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Imagine having the ability to detect cancerous tissue within 10 seconds via a pen-shaped device, or the ability to receive an organ donation on-demand via a 3D printer. These scenarios are becoming a reality, as the frontend of healthcare technology brims with possibility.

However, a dichotomy exists in the healthcare industry. Hidden below the surface of incredible medical advances is a disarray of legacy backend systems and paper-based records that are siloing patient data and negatively impacting care. According to a Johns Hopkins study, medical errors are the third-leading cause of death in the United States. Errors range from mix-ups with medication doses to missing information during patient handoffs in the emergency room.

In the age of robotic surgery, artificial embryos and regenerative nanodevices, hospitals should no longer be relying on paper-based records and disconnected medical systems. Patients today expect complete and personalized experiences, making it frustrating—and at times life threatening—when medical history gaps exist, or repetitive paperwork is required at each hospital visit. According to the recent Consumer Connectivity Insights Report, only 42 percent of consumers believe healthcare providers are currently making effective use of the data available to them to deliver better care.

There is a clear and critical need for IT to reshape patient care by putting the connectivity fabric in place to achieve 360-degree patient views. This requires connecting systems within hospitals, between hospitals, as well as securely enabling connectivity with external third-party applications, devices and services. Think of a traveling patient requiring follow up care in different hospitals, or a diabetic patient wanting to share insulin data from a Continuous Glucose Monitoring (CGM) transmitter. Having a 360-degree view of the patient can mean the difference between life and death, and healthcare IT has the tools—and more importantly the methods—to start breaking down data silos in order to better connect the healthcare ecosystem.

Ineffective data sharing hinders patient care

The proliferation of electronic health records (EHRs), medical devices, mobile health applications and wearable devices has led to an explosion of medical data. Ingesting this data, analyzing it and exposing it to relevant stakeholders has proved to be a massive challenge. For starters, health data is particularly difficult to work with, where clinical systems—such as EHRs and LIMSs—are notorious for being closed off. In addition, the HL7 health data standard is still too complicated and cumbersome for developing innovations on top of these systems, as it’s not natively supported by many end-user consuming applications.

Further adding to the complexity of the healthcare ecosystem are the privacy and security concerns held by many healthcare organizations and patients. In today’s breach landscape, it can be particularly worrisome to share information that could contain personal, financial or medical data. These obstacles, among others, have stymied historical attempts at creating healthcare data interoperability. However, there is a secure and reliable way to navigate these murky waters.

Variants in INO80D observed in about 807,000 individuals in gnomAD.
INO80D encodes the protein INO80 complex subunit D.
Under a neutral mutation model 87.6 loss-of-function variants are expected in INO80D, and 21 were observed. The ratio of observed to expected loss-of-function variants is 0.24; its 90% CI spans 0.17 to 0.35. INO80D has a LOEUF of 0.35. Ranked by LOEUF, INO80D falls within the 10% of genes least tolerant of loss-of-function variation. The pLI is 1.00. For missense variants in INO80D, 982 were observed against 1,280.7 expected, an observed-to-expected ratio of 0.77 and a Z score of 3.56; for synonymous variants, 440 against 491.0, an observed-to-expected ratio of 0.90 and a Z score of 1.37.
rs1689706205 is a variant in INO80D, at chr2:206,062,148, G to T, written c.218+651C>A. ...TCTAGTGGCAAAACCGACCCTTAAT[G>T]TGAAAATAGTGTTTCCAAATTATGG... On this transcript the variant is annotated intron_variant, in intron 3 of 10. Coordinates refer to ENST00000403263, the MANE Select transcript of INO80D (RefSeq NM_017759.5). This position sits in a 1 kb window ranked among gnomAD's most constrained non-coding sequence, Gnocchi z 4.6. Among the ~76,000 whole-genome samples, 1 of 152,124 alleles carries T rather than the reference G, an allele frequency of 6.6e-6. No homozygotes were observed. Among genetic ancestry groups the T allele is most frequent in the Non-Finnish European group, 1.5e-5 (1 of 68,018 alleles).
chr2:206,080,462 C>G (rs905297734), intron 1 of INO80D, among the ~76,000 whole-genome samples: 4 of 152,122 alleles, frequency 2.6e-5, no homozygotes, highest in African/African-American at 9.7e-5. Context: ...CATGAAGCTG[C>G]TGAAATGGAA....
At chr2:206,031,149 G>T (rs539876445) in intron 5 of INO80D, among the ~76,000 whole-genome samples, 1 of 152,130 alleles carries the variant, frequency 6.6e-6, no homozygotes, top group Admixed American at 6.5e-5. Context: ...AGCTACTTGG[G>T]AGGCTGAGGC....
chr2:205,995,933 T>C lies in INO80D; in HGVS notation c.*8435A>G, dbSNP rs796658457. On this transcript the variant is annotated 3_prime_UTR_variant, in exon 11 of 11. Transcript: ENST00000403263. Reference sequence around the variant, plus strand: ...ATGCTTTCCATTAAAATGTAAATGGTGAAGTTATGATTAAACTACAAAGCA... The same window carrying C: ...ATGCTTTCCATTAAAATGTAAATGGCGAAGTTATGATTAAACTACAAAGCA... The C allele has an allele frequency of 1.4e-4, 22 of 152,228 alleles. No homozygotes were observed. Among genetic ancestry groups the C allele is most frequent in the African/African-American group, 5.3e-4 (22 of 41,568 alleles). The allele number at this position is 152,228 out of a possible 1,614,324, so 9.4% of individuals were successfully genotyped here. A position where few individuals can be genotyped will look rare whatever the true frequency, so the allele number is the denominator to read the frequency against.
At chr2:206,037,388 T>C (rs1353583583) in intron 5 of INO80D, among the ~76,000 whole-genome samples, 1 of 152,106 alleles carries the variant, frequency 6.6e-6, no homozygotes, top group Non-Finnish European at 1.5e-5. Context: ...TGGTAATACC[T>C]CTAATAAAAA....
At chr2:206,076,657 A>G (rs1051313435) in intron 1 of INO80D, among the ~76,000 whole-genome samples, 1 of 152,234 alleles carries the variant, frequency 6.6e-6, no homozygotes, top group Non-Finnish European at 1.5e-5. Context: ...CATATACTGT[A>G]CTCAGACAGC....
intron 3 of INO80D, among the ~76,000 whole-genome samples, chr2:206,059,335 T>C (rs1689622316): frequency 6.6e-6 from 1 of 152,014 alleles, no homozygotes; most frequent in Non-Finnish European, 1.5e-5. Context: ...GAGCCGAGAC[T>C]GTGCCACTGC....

The power of connectivity in healthcare

The easiest way to build a complete 360-degree view of the patient is by providing a method for various systems, applications and devices to talk to each other and share data in real time, regardless of format or source. Enter the modern API.

The magic of modern APIs, or application programming interfaces, is they can enable controlled and secured access to a defined scope of data regardless of where it resides—on-premises, in the cloud or in hybrid environments. The APIs can be developed to play a set role, from exposing specific legacy system data to orchestrating data together from multiple systems to sending orchestrated data up to a mobile app. Leveraged in this way, APIs can be treated as products instead of code: products that provide consistent, secured and managed access to data and capabilities. As a result, they can be secured at the point of design.

One of the oldest integrated healthcare systems in the United States, for example, is using an API strategy to improve the patient experience and streamline how doctors provide care within and outside of the clinic. Finding that doctors often had to sift through an average of five applications to get a comprehensive view of a patient’s medical record, Mount Sinai decided to address the lack of data interoperability and eliminate data silos.

As a result, Mount Sinai’s IT team built an application network of APIs to expose data from its various systems, applications and devices and making those APIs pluggable and reusable—as if each were products. The hospital system now shares data through these productized APIs with hundreds of community care organizations and healthcare providers across New York City. Mount Sinai was able to provide a single patient view in real time and improve coordination between physicians, caseworkers and community care providers. (Disclosure: Mount Sinai is a customer of my employer, MuleSoft.)

The way forward

The world of healthcare is complex and is only growing more complicated every day. In the near future, healthcare IT teams will have a whole swath of new technologies to integrate with. For example, Gartner predicts that 40 percent of U.S. primary care visits will be virtual by 2018. Therefore, it’s imperative IT teams implement agile approaches now that will future-proof their organizations in the years to come as the healthcare ecosystem continues to evolve.

Do you agree? Is connectivity one of the next big frontiers in healthcare?

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